The city and Cable Co-op
Publication Date: Wednesday Jan 31, 1996

The city and Cable Co-op

Palo Alto's interest is limited to the survival of local programming

In search of top quality cable television with strong local programming, the city of Palo Alto 10 years ago led a thorough and expensive quest for the best provider. The city set such high standards for the state-of-the-art cable system it desired that, in the end, only two bidders stayed in the contest. After a heated competition, the City Council in October 1985 awarded the Midpeninsula's cable franchise to the Cable Communications Cooperative of Palo Alto, Inc.

Now, a whole decade later, city officials find themselves revisiting a problem they thought they had solved. This time, though, it is not how to get strong local cable television programming, but how to save it.

Ten years into its 15-year contract with the city, Cable Co-op, in important respects, has delivered on its promise. It provides high quality cable service to 46 percent of the 57,000 addresses in its service area of Palo Alto, Menlo Park, East Palo Alto, Atherton and Stanford. The local program offerings--everything from high school sports to local movie reviewers to academic lectures to local entertainment and news reviews to local city councils and city commissions--is outstanding and award-winning. And particularly since the arrival two years ago of the current general manager, Brad Anderson, some vexing service complaints have been addressed.

The problem is that Cable Co-op's system is not financially viable. Faced with what Anderson describes as a "balance sheet from hell"--$37 million in debt that grows each year--the company predicts that in the absence of sale or refinancing, it will default in May 1998 when a $6.8 million payment is due.

The good news is that Cable Co-op has some time to work out a solution. We commend Anderson and his board for their candor in laying out the financial issues and the various options that lie ahead.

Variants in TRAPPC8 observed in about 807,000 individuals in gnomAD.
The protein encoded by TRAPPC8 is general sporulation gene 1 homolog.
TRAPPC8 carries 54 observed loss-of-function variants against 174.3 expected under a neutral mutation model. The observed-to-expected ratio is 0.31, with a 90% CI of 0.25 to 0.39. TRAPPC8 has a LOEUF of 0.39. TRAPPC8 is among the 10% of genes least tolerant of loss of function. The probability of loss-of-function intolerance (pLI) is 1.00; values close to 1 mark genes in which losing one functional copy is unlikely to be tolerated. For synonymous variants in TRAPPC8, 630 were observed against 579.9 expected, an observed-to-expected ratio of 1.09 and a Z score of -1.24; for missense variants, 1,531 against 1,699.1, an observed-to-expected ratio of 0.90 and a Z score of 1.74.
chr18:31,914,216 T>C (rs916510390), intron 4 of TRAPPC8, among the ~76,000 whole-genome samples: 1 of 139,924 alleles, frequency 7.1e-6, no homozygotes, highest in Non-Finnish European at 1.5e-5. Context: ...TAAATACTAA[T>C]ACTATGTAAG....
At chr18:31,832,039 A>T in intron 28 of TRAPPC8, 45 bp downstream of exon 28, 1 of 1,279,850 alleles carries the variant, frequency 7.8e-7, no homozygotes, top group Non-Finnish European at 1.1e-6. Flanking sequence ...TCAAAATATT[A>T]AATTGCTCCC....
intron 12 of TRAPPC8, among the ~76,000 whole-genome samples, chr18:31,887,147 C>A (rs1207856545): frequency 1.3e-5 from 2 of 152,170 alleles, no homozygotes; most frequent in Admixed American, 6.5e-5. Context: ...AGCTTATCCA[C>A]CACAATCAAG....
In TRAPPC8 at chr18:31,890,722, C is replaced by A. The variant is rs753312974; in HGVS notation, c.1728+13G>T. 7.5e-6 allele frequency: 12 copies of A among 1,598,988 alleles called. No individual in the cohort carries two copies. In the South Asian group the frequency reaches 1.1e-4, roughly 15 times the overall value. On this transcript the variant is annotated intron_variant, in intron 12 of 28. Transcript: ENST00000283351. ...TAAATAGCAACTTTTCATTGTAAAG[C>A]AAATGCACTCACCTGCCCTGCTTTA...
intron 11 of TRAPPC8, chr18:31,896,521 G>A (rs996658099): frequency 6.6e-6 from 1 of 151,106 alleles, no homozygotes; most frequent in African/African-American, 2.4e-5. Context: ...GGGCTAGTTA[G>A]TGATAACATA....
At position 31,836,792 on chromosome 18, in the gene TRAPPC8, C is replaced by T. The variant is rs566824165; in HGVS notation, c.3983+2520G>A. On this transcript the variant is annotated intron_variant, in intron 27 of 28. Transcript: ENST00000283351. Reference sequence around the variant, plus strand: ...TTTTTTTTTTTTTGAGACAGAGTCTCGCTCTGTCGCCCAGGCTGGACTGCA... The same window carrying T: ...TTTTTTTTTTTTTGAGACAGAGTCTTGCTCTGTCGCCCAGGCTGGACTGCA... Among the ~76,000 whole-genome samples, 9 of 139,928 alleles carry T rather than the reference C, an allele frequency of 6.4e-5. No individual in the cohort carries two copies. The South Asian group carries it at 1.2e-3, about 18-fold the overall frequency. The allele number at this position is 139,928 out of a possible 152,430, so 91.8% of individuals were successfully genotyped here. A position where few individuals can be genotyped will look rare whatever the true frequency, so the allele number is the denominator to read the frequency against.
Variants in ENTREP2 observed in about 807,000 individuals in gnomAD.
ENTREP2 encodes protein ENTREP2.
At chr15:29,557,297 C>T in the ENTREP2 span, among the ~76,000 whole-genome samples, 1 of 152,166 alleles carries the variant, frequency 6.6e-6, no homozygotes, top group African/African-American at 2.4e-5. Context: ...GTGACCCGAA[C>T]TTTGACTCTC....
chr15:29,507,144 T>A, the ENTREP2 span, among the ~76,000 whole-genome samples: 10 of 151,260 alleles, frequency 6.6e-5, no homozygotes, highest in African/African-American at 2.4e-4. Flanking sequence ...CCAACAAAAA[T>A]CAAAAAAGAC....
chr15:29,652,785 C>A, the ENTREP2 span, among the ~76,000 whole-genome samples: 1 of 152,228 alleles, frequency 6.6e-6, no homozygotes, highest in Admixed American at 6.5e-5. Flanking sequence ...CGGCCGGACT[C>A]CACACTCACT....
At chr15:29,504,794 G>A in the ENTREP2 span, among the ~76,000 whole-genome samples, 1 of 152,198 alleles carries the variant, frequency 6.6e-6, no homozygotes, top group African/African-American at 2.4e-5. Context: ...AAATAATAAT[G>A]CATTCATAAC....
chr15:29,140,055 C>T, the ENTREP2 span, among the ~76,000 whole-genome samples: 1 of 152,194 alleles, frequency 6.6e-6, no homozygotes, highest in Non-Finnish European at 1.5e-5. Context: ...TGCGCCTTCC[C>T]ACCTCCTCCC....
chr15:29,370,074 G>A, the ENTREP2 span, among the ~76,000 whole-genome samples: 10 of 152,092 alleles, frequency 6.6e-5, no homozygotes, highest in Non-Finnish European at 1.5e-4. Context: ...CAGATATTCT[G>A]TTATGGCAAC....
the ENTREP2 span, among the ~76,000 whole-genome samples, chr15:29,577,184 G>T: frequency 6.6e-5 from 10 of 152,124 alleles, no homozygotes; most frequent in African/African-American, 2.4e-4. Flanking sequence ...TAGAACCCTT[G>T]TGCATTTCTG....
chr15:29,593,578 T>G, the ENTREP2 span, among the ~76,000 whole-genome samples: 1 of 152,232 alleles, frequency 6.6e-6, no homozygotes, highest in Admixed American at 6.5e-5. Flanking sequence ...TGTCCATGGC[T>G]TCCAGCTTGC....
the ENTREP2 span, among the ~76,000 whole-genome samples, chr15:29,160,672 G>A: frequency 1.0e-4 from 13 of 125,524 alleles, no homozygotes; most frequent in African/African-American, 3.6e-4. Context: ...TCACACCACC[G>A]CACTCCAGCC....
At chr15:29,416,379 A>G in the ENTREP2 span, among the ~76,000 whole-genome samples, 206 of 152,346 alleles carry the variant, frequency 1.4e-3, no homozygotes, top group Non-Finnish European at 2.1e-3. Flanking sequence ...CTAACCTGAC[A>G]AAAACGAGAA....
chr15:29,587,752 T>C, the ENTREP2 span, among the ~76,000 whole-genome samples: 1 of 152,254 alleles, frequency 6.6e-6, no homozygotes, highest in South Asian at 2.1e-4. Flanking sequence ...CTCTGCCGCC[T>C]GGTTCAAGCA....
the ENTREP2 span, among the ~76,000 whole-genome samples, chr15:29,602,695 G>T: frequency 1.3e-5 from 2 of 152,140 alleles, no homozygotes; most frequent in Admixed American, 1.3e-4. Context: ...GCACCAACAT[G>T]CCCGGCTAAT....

The most likely scenario would be sale of Cable Co-op to another cable company that could handle the debt and perhaps run the operation with economies of scale. Others have suggested that the cities in Cable Co-op's service area, particularly Palo Alto, should become a party to a sale or a refinancing of the company, or otherwise go into partnership to allow Cable Co-op to expand its business in the field of fiber optic communication.

It seems clear that the city of Palo Alto has no special interest in the survival of Cable Co-op per se, but does have some interest in the survival of local programming. Palo Alto certainly doesn't want to own a cable company, and there's no reason to think the city would be any more efficient at running it than Cable Co-op is. But presumably, some portion of the 46 percent of local households that now subscribe to cable do so because of the local programming. If Cable Co-op is sold, the city may want to get involved to a limited extent if that could ensure continuation of that programming.

As for Palo Alto investing $10 million to $12 million to install a fiber optic trunk parallel to Cable Co-op's existing trunks, we have strong reservations. As Public Utilities Commissioner Paul Grimsrud points out, there is uncertainty as to whether the fiber optic technology would quickly be superseded by even newer technologies. In any case, any possible investment the city makes in a telecommunications utility would have to stand on its own merits, independent of whether such an investment could offer Cable Co-op a way out of its financial troubles.



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